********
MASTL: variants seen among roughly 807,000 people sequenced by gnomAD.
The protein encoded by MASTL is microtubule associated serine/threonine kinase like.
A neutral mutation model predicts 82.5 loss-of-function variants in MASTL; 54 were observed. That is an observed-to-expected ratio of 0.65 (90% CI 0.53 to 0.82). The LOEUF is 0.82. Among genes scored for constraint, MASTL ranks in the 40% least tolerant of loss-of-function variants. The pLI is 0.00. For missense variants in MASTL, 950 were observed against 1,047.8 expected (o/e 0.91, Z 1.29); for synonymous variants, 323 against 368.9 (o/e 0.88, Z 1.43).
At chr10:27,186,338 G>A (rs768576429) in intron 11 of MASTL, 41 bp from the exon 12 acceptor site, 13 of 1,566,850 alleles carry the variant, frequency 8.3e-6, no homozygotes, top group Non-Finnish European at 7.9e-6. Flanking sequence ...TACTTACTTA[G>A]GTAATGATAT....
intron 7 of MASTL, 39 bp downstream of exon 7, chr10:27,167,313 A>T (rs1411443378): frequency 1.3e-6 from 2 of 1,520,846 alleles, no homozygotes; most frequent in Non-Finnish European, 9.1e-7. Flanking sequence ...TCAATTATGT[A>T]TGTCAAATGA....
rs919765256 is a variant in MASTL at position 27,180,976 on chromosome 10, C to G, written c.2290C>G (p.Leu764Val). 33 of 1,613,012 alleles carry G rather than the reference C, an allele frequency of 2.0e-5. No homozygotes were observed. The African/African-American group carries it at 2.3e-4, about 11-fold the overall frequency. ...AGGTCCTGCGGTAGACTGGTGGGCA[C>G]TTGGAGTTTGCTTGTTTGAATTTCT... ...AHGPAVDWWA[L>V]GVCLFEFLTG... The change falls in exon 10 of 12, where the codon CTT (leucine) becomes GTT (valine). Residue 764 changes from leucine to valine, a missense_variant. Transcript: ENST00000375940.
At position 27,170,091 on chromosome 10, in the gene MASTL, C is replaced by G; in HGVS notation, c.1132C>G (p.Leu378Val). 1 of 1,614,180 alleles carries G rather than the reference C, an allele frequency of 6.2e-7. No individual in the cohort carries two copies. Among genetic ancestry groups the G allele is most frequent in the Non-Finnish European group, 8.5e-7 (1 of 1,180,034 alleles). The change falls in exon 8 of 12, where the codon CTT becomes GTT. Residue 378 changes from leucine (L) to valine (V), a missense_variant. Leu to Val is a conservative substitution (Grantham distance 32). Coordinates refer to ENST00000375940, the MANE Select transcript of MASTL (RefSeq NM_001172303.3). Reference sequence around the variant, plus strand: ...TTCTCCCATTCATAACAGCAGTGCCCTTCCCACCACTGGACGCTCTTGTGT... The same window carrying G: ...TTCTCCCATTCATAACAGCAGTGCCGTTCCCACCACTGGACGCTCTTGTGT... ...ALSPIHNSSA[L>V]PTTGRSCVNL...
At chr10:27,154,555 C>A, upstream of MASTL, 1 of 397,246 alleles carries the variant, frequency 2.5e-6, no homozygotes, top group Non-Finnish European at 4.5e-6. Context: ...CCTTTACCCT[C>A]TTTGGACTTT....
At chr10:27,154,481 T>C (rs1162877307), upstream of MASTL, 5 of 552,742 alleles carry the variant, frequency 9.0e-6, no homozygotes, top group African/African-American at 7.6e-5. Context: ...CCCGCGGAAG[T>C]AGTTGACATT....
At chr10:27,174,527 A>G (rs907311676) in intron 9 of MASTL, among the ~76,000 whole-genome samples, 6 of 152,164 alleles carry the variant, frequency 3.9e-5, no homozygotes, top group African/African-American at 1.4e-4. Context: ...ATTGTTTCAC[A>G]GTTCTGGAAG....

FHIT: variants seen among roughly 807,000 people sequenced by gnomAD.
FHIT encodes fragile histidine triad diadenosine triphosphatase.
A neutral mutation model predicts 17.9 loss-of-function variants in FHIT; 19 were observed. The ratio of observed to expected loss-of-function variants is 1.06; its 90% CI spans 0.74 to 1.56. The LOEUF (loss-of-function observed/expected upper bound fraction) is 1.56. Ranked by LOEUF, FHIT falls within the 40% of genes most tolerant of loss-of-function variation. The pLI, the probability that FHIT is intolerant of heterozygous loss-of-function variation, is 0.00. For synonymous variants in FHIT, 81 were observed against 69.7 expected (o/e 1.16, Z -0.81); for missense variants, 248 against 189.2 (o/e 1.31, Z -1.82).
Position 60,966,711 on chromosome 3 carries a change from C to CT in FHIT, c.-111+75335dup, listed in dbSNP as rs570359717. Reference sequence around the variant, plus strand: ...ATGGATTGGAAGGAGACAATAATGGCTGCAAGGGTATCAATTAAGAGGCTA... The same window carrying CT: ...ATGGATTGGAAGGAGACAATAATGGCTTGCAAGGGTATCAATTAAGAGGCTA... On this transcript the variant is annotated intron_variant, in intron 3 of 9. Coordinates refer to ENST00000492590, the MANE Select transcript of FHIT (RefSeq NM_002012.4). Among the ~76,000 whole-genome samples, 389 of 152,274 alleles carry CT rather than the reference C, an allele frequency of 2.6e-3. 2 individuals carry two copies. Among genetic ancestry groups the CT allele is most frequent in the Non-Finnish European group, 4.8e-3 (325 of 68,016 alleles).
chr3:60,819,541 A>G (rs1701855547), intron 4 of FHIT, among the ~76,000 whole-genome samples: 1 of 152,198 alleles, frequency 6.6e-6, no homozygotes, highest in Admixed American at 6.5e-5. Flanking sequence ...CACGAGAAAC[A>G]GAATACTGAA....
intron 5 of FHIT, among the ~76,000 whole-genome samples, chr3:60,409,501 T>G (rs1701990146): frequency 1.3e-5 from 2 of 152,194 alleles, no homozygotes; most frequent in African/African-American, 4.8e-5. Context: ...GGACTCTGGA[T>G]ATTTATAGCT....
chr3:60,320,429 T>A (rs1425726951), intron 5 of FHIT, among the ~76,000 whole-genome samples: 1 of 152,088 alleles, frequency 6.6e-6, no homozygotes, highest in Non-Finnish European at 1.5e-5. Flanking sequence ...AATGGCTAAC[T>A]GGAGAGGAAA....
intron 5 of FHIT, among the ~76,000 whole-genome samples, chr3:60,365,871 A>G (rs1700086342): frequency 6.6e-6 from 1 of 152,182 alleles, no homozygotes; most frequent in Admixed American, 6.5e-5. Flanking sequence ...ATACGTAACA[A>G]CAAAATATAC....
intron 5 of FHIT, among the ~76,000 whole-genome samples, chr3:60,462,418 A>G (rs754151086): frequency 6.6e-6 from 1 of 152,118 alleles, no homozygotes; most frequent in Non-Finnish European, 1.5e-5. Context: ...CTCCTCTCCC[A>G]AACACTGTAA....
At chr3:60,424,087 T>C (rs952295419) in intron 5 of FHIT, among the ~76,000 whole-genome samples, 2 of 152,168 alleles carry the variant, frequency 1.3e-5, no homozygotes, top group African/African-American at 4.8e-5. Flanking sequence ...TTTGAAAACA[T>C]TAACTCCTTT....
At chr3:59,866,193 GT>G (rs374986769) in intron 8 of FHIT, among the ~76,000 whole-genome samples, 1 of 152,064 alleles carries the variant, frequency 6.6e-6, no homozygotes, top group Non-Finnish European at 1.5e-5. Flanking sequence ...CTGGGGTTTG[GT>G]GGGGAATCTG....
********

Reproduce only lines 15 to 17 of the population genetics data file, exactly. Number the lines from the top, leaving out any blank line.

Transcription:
chr3:60,819,541 A>G (rs1701855547), intron 4 of FHIT, among the ~76,000 whole-genome samples: 1 of 152,198 alleles, frequency 6.6e-6, no homozygotes, highest in Admixed American at 6.5e-5. Flanking sequence ...CACGAGAAAC[A>G]GAATACTGAA....
intron 5 of FHIT, among the ~76,000 whole-genome samples, chr3:60,409,501 T>G (rs1701990146): frequency 1.3e-5 from 2 of 152,194 alleles, no homozygotes; most frequent in African/African-American, 4.8e-5. Context: ...GGACTCTGGA[T>G]ATTTATAGCT....
chr3:60,320,429 T>A (rs1425726951), intron 5 of FHIT, among the ~76,000 whole-genome samples: 1 of 152,088 alleles, frequency 6.6e-6, no homozygotes, highest in Non-Finnish European at 1.5e-5. Flanking sequence ...AATGGCTAAC[T>A]GGAGAGGAAA....